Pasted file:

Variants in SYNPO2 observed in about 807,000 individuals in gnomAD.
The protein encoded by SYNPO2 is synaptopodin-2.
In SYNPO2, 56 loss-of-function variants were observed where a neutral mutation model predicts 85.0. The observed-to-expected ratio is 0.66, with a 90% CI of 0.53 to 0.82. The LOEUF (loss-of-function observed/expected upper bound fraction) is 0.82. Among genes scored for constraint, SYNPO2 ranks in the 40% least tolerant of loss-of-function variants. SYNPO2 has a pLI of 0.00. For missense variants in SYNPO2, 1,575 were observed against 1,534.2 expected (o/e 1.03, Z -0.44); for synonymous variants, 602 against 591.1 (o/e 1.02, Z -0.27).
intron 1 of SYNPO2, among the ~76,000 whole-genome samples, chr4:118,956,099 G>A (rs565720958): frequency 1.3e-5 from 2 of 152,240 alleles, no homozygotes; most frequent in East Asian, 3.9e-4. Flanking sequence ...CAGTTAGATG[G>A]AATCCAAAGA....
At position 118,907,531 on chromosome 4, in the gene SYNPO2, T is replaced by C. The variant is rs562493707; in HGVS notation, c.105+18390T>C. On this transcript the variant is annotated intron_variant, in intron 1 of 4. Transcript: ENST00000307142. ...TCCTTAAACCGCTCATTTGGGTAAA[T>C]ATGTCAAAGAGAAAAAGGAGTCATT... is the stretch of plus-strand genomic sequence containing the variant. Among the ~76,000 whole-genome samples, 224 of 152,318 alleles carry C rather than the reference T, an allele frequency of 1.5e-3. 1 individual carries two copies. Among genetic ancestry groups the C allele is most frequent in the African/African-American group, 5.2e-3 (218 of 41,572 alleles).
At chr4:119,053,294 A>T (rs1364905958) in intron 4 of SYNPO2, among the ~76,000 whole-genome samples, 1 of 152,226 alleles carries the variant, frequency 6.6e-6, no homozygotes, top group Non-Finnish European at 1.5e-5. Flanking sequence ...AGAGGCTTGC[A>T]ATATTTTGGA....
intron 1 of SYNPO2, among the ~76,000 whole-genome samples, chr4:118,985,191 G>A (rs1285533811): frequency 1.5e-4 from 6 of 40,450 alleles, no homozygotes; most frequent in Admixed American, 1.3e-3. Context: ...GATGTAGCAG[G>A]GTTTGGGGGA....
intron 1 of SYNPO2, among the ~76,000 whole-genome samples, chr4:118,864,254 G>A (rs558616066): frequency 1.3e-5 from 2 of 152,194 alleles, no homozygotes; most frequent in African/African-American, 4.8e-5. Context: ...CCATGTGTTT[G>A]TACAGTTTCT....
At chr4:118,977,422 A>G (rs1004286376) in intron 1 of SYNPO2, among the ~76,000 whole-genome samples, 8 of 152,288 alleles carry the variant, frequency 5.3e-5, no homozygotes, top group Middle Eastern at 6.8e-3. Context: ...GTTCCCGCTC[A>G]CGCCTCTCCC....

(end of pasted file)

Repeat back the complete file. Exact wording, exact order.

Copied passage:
Variants in SYNPO2 observed in about 807,000 individuals in gnomAD.
The protein encoded by SYNPO2 is synaptopodin-2.
In SYNPO2, 56 loss-of-function variants were observed where a neutral mutation model predicts 85.0. The observed-to-expected ratio is 0.66, with a 90% CI of 0.53 to 0.82. The LOEUF (loss-of-function observed/expected upper bound fraction) is 0.82. Among genes scored for constraint, SYNPO2 ranks in the 40% least tolerant of loss-of-function variants. SYNPO2 has a pLI of 0.00. For missense variants in SYNPO2, 1,575 were observed against 1,534.2 expected (o/e 1.03, Z -0.44); for synonymous variants, 602 against 591.1 (o/e 1.02, Z -0.27).
intron 1 of SYNPO2, among the ~76,000 whole-genome samples, chr4:118,956,099 G>A (rs565720958): frequency 1.3e-5 from 2 of 152,240 alleles, no homozygotes; most frequent in East Asian, 3.9e-4. Flanking sequence ...CAGTTAGATG[G>A]AATCCAAAGA....
At position 118,907,531 on chromosome 4, in the gene SYNPO2, T is replaced by C. The variant is rs562493707; in HGVS notation, c.105+18390T>C. On this transcript the variant is annotated intron_variant, in intron 1 of 4. Transcript: ENST00000307142. ...TCCTTAAACCGCTCATTTGGGTAAA[T>C]ATGTCAAAGAGAAAAAGGAGTCATT... is the stretch of plus-strand genomic sequence containing the variant. Among the ~76,000 whole-genome samples, 224 of 152,318 alleles carry C rather than the reference T, an allele frequency of 1.5e-3. 1 individual carries two copies. Among genetic ancestry groups the C allele is most frequent in the African/African-American group, 5.2e-3 (218 of 41,572 alleles).
At chr4:119,053,294 A>T (rs1364905958) in intron 4 of SYNPO2, among the ~76,000 whole-genome samples, 1 of 152,226 alleles carries the variant, frequency 6.6e-6, no homozygotes, top group Non-Finnish European at 1.5e-5. Flanking sequence ...AGAGGCTTGC[A>T]ATATTTTGGA....
intron 1 of SYNPO2, among the ~76,000 whole-genome samples, chr4:118,985,191 G>A (rs1285533811): frequency 1.5e-4 from 6 of 40,450 alleles, no homozygotes; most frequent in Admixed American, 1.3e-3. Context: ...GATGTAGCAG[G>A]GTTTGGGGGA....
intron 1 of SYNPO2, among the ~76,000 whole-genome samples, chr4:118,864,254 G>A (rs558616066): frequency 1.3e-5 from 2 of 152,194 alleles, no homozygotes; most frequent in African/African-American, 4.8e-5. Context: ...CCATGTGTTT[G>A]TACAGTTTCT....
At chr4:118,977,422 A>G (rs1004286376) in intron 1 of SYNPO2, among the ~76,000 whole-genome samples, 8 of 152,288 alleles carry the variant, frequency 5.3e-5, no homozygotes, top group Middle Eastern at 6.8e-3. Context: ...GTTCCCGCTC[A>G]CGCCTCTCCC....